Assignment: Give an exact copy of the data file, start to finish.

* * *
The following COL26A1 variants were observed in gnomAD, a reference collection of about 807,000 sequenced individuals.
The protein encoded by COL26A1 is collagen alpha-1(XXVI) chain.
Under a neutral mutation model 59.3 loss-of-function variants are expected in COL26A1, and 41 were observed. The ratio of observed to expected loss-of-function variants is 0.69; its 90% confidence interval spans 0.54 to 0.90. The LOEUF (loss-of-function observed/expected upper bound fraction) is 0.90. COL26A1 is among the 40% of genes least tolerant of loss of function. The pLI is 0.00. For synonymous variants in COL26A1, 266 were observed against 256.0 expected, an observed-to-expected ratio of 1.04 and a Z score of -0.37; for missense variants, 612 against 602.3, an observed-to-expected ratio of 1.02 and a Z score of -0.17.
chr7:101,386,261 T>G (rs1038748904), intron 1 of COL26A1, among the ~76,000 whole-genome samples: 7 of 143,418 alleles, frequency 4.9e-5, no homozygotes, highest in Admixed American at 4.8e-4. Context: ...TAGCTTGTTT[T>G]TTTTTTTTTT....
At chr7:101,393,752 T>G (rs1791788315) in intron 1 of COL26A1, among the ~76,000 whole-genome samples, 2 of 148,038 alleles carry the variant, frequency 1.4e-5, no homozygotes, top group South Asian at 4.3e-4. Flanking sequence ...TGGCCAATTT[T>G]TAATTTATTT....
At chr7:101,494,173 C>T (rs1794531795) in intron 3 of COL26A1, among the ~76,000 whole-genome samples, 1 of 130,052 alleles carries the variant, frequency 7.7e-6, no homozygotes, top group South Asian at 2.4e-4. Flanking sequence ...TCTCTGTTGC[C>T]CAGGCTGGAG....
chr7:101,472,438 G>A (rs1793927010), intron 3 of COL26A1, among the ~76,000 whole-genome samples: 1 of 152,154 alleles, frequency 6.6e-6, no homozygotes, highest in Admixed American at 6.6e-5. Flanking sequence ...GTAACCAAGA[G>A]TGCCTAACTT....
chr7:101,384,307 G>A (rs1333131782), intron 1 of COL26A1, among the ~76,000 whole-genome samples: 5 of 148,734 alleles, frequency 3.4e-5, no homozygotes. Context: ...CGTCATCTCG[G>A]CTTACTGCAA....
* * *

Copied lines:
The following COL26A1 variants were observed in gnomAD, a reference collection of about 807,000 sequenced individuals.
The protein encoded by COL26A1 is collagen alpha-1(XXVI) chain.
Under a neutral mutation model 59.3 loss-of-function variants are expected in COL26A1, and 41 were observed. The ratio of observed to expected loss-of-function variants is 0.69; its 90% confidence interval spans 0.54 to 0.90. The LOEUF (loss-of-function observed/expected upper bound fraction) is 0.90. COL26A1 is among the 40% of genes least tolerant of loss of function. The pLI is 0.00. For synonymous variants in COL26A1, 266 were observed against 256.0 expected, an observed-to-expected ratio of 1.04 and a Z score of -0.37; for missense variants, 612 against 602.3, an observed-to-expected ratio of 1.02 and a Z score of -0.17.
chr7:101,386,261 T>G (rs1038748904), intron 1 of COL26A1, among the ~76,000 whole-genome samples: 7 of 143,418 alleles, frequency 4.9e-5, no homozygotes, highest in Admixed American at 4.8e-4. Context: ...TAGCTTGTTT[T>G]TTTTTTTTTT....
At chr7:101,393,752 T>G (rs1791788315) in intron 1 of COL26A1, among the ~76,000 whole-genome samples, 2 of 148,038 alleles carry the variant, frequency 1.4e-5, no homozygotes, top group South Asian at 4.3e-4. Flanking sequence ...TGGCCAATTT[T>G]TAATTTATTT....
At chr7:101,494,173 C>T (rs1794531795) in intron 3 of COL26A1, among the ~76,000 whole-genome samples, 1 of 130,052 alleles carries the variant, frequency 7.7e-6, no homozygotes, top group South Asian at 2.4e-4. Flanking sequence ...TCTCTGTTGC[C>T]CAGGCTGGAG....
chr7:101,472,438 G>A (rs1793927010), intron 3 of COL26A1, among the ~76,000 whole-genome samples: 1 of 152,154 alleles, frequency 6.6e-6, no homozygotes, highest in Admixed American at 6.6e-5. Flanking sequence ...GTAACCAAGA[G>A]TGCCTAACTT....
chr7:101,384,307 G>A (rs1333131782), intron 1 of COL26A1, among the ~76,000 whole-genome samples: 5 of 148,734 alleles, frequency 3.4e-5, no homozygotes. Context: ...CGTCATCTCG[G>A]CTTACTGCAA....